This year, some friends and I are planning to read the twelve volume novel sequence, A Dance to the Music of Time.

I am writing this in the fervent hope that you might be persuaded to join us.

You might well ask, why bother with a reading plan, at all? And, more to the point, why Anthony Powell?anthony-powell-1-sized

I can only answer this for myself. Recently, while reviewing the list of what I read in 2012, I had the feeling that something is missing, something lost. A coherence to the rhythm of the year.

There are times when I can hear a song, or see a film clip, and be transported back not just to where I was when it happened, but also what my main preoccupations were at the time. As though whatever I was ‘reading around’ resurfaces to these unexpected prompts.  Aragon. Baudelaire. The Baader-Meinhof Gang. The year of Czech literature in translation. Foreign Bodies. These fixations from my student days when reading was an intense compulsion, have all, unsurprisingly, left enduring fortresses in my inner landscape.

It strikes me that what I need for 2013 isn’t so much a reading list, as a heartfelt theme.

I’ve long been fascinated with the ways in which people make the things they do.  Without consciously thinking about it, lately I’ve been amassing a ‘to read’ pile of books about the creative process in everything from literature and the visual arts to dance, and even baking. No need to dig up Dr Freud to work out that 2013 should be my Year of Creativity. Process, expression, engagement, the lot.

What better year then, to finally engage with Powell’s Dance? Not only is it a giant of 20th Century Literature but, as Tariq Ali eplains, creativity, in its many guises is at the heart of this wildly ambitious project:

What, then, is the central theme of the series? Creativity – the act of production. Of literature, of books, of paintings, of music; that is what most of the central characters are engaged in for the whole of their lives. Moreland composes, Barnby paints, X Trapnel writes, Quiggin, Members and Maclintick criticise and the narrator publishes books and then becomes a writer. What excites the novelist is music and painting, literature and criticism. It’s this creativity, together with the comedy of everyday life, that sustains the Dance.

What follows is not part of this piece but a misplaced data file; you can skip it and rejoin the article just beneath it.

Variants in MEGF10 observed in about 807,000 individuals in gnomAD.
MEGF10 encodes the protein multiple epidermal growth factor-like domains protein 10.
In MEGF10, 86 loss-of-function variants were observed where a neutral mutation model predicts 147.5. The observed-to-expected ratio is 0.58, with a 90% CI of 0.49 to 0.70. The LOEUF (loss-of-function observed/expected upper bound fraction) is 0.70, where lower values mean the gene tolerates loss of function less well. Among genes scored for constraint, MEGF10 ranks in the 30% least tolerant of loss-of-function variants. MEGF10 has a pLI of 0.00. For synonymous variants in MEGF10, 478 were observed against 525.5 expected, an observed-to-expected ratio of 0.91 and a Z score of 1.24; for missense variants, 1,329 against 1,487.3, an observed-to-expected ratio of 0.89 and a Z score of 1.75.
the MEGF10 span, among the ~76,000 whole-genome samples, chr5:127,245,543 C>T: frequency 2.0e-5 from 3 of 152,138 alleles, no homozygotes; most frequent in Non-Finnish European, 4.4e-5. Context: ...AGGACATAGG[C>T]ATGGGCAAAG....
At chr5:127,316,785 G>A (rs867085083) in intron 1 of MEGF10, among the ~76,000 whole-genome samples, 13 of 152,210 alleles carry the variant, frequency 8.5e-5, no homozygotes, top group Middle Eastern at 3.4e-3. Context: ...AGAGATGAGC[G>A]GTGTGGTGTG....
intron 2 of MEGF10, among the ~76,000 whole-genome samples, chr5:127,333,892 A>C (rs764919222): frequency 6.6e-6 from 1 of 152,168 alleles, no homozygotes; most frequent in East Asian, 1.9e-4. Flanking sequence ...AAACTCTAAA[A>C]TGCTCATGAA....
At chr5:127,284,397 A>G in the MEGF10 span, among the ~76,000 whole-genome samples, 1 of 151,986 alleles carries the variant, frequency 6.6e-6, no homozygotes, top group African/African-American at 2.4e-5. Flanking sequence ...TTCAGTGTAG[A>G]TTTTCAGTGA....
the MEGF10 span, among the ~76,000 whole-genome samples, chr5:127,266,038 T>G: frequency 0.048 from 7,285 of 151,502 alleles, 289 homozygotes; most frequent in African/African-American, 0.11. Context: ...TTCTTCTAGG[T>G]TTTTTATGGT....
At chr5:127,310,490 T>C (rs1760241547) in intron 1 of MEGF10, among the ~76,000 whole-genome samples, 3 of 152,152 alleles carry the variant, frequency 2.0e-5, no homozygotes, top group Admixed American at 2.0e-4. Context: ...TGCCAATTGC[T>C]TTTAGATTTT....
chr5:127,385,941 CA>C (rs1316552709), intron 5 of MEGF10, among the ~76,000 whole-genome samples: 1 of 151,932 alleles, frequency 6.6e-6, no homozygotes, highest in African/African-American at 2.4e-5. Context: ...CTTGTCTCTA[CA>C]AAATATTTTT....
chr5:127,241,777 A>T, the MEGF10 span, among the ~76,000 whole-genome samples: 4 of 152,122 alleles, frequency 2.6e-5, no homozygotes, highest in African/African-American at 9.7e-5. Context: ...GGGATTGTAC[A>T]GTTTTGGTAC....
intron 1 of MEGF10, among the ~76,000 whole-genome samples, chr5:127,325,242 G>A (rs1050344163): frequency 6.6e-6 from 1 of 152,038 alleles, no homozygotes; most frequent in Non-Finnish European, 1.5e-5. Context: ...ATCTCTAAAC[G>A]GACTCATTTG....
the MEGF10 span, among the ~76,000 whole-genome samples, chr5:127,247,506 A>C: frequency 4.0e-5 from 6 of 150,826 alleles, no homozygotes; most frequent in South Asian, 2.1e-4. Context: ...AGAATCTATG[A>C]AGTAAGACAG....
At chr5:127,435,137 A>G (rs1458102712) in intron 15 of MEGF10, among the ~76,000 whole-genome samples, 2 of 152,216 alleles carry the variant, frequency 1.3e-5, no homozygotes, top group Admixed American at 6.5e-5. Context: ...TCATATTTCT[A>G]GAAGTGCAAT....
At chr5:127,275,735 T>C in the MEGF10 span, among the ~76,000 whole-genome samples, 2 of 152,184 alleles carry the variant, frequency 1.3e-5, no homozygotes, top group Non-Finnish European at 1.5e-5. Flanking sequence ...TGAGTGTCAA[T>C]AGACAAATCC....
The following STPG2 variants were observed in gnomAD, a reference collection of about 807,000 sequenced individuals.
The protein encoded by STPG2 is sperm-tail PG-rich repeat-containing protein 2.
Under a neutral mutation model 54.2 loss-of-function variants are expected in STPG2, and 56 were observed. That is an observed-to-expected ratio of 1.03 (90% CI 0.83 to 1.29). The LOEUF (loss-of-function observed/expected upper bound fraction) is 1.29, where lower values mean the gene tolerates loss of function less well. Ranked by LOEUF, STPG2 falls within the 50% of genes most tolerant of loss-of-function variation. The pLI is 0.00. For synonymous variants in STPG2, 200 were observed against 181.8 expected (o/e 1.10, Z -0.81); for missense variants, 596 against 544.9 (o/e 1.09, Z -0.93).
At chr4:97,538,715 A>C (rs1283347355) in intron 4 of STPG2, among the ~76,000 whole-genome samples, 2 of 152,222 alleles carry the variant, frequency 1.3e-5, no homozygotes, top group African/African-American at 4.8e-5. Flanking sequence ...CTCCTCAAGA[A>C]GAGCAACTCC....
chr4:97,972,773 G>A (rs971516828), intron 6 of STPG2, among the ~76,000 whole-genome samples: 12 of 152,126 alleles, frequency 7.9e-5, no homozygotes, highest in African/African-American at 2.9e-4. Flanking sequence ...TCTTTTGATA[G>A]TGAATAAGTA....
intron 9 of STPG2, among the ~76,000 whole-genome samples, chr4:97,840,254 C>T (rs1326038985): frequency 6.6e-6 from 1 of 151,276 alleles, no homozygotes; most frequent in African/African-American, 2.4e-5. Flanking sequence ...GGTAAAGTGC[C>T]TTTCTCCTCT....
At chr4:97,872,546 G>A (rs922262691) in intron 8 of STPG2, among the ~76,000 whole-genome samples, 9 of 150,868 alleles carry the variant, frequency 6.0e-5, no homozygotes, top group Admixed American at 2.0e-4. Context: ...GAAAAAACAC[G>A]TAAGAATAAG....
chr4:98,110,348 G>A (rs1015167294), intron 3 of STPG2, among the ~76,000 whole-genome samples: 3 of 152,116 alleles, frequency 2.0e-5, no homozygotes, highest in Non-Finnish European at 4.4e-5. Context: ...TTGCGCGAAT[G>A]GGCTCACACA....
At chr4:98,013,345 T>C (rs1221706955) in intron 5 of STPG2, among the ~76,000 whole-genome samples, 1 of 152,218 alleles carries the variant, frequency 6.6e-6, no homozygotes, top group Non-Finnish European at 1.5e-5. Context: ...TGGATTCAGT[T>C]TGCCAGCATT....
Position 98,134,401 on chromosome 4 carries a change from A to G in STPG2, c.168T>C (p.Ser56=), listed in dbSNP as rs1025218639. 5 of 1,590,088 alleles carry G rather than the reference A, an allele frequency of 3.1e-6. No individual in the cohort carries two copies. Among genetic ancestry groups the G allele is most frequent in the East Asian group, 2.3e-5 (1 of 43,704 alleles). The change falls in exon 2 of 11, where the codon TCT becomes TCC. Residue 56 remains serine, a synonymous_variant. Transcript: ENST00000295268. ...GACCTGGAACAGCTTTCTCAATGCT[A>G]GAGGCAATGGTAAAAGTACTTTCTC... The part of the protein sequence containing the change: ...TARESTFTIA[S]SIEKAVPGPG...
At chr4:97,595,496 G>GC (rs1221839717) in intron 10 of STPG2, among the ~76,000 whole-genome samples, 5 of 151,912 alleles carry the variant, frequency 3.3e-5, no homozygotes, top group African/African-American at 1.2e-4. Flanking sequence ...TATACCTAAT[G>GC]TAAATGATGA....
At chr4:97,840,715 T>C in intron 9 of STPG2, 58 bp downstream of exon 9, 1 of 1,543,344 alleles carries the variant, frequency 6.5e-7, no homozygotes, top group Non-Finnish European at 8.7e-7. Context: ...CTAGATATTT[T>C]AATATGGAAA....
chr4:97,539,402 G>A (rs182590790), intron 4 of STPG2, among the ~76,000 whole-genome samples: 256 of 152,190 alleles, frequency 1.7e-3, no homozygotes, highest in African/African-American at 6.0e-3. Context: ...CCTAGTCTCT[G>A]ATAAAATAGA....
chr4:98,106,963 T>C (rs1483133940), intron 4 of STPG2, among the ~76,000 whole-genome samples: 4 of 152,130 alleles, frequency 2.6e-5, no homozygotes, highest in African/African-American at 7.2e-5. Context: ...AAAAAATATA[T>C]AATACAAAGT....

Of course, while long considered to be a jewel of the English literature, Anthony Powell’s master work, A Dance to the Music of Time, has these days become somewhat unfashionable. I need look no further than my own knee-jerk prejudices to know this is hardly surprising. We are already living in such dangerously conservative times, who really wants a larger helping when total abstinence would seem so much more appealing? Certainly, I confess that part of me is going into this in the spirit of know your enemy. It was somewhat chastening therefore to read in Tariq Ali’s enlightening account of re-reading of the Dance, that Powell himself was above this sort of narrow thinking.

One of his jottings in A Writer’s Notebook (published posthumously in 2001) is apposite: “You can’t be a creative artist if you are in any restrictive sense an intellectual snob.”

Tariq Ali argues that the Dance should be read in a ‘systematic and continuous’ fashion. Ironically, perhaps, given that I am consciously trying to rope you into this with me, I can’t help feeling my hackles rising a bit at such a prescriptive tone. So, for the moment, my plan is to tackle the Dance at the rate of one title a month. Tick for ‘systematic’, big red X next to ‘continuous’. This may, of course, change as I become more familiar with the terrain.

A few sensible precautions before setting off.  It’s a well-known fact (on Wikipedia) that the Dance shares the fortunes of some four hundred characters. Since this is more than twice the number of friends I struggle to keep up with on Facebook (several of whom I’m secretly convinced I don’t actually know at all) I’ll be keeping the relevant copy of WHo’s WHo? with me at all times. Namely, Hilary Spurling’s Invitation to the Dance: A Handbook to Anthony Powell’s A Dance to the Music of Time.

If you’re still not entirely persuaded to dive in with us, can I point you in the direction of another essay on the Dance, which I hope you will enjoy. This time, by Terry Teachout someone very familiar with the cult of the Dance by now, given that he reads it every few years. (For me, this essay was worth reading just to discover the term roman-fleuve, for novel sequence, which I had not come across before, and which, of course, immediately swept me away.

Another extremely useful resource, the Anthony Powell Society’s website provides a snapshot synopsis of each book in the Dance sequence. They also have an email discussion list you can join for all things Powell related. Their website is well worth a visit anyway, if only for the most eccentric curry recipe I’ve ever seen, courtesy of Anthony Powell himself.

A few of us have started a new group on GoodReads, Books Do Furnish a Year. If you’d like to join, you are most welcome. (At some point this year I will be attempting to assemble the members of the group to feast on the mad curry with, who knows, perhaps a nice slice of Sylvia Plath’s Tomato Soup Cake for afters.)

I leave you with two snapshot reviews, shamelessly lifted, from the Amazon site.

‘One of English fiction’s few twentieth-century masterpieces’ -John Lanchester, London Review of Books

‘I would rather read Mr Powell than any English novelist now writing.’ KINGSLEY AMIS